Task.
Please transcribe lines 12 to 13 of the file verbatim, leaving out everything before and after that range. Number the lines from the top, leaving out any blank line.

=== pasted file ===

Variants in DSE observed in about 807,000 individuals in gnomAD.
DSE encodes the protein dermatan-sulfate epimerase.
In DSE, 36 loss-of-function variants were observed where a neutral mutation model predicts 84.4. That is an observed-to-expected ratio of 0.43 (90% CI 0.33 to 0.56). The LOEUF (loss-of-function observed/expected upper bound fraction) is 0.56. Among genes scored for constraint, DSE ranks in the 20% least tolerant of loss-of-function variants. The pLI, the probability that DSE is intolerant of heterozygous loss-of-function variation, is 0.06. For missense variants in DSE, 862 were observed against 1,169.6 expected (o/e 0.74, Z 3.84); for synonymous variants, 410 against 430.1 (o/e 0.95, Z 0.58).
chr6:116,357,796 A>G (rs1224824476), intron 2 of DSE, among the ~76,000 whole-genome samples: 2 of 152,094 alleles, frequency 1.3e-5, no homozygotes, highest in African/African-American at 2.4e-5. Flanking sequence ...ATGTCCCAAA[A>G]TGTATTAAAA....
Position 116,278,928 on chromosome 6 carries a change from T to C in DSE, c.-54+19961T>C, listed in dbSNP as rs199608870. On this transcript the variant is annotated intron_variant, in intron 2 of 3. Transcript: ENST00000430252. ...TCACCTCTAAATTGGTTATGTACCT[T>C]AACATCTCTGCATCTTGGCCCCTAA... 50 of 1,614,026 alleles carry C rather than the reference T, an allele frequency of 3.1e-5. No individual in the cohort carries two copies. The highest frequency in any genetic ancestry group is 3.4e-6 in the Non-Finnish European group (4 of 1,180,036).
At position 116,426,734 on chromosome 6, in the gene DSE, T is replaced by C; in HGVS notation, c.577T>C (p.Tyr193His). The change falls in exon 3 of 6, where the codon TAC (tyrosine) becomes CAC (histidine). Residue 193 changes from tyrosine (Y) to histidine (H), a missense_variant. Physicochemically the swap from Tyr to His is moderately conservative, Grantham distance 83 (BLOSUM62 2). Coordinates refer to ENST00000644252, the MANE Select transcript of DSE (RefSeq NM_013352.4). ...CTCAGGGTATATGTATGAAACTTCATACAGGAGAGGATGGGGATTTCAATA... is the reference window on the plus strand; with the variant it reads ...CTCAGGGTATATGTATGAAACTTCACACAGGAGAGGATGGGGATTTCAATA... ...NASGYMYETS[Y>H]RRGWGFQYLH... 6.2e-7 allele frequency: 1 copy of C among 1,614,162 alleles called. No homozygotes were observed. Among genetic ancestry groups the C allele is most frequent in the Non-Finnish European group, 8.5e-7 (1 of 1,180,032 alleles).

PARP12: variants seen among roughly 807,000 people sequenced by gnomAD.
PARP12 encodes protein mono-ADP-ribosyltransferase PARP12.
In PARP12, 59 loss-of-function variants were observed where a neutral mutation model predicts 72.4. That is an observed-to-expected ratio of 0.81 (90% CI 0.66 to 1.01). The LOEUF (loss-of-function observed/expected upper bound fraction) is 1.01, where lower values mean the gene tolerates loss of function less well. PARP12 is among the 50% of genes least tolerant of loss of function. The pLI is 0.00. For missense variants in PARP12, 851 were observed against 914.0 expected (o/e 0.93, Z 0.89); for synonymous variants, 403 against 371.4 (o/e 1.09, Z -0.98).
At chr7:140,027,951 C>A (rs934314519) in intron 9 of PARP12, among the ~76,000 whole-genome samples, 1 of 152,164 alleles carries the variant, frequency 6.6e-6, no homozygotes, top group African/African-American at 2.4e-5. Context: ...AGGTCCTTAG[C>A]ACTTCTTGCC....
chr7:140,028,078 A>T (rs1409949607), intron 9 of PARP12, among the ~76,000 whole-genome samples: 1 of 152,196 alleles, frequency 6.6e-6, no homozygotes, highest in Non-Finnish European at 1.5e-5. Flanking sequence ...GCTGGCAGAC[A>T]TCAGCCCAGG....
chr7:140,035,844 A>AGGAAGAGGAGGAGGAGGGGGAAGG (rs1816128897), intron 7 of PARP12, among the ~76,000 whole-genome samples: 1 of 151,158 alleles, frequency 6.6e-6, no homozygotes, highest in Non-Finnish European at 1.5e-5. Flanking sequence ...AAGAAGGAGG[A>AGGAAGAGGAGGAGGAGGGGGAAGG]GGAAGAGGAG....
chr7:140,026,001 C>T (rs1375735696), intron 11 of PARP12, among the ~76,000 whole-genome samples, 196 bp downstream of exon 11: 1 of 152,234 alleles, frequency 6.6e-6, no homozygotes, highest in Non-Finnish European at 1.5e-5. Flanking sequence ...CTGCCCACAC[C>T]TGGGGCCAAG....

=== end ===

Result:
chr7:140,035,844 A>AGGAAGAGGAGGAGGAGGGGGAAGG (rs1816128897), intron 7 of PARP12, among the ~76,000 whole-genome samples: 1 of 151,158 alleles, frequency 6.6e-6, no homozygotes, highest in Non-Finnish European at 1.5e-5. Flanking sequence ...AAGAAGGAGG[A>AGGAAGAGGAGGAGGAGGGGGAAGG]GGAAGAGGAG....
chr7:140,026,001 C>T (rs1375735696), intron 11 of PARP12, among the ~76,000 whole-genome samples, 196 bp downstream of exon 11: 1 of 152,234 alleles, frequency 6.6e-6, no homozygotes, highest in Non-Finnish European at 1.5e-5. Flanking sequence ...CTGCCCACAC[C>T]TGGGGCCAAG....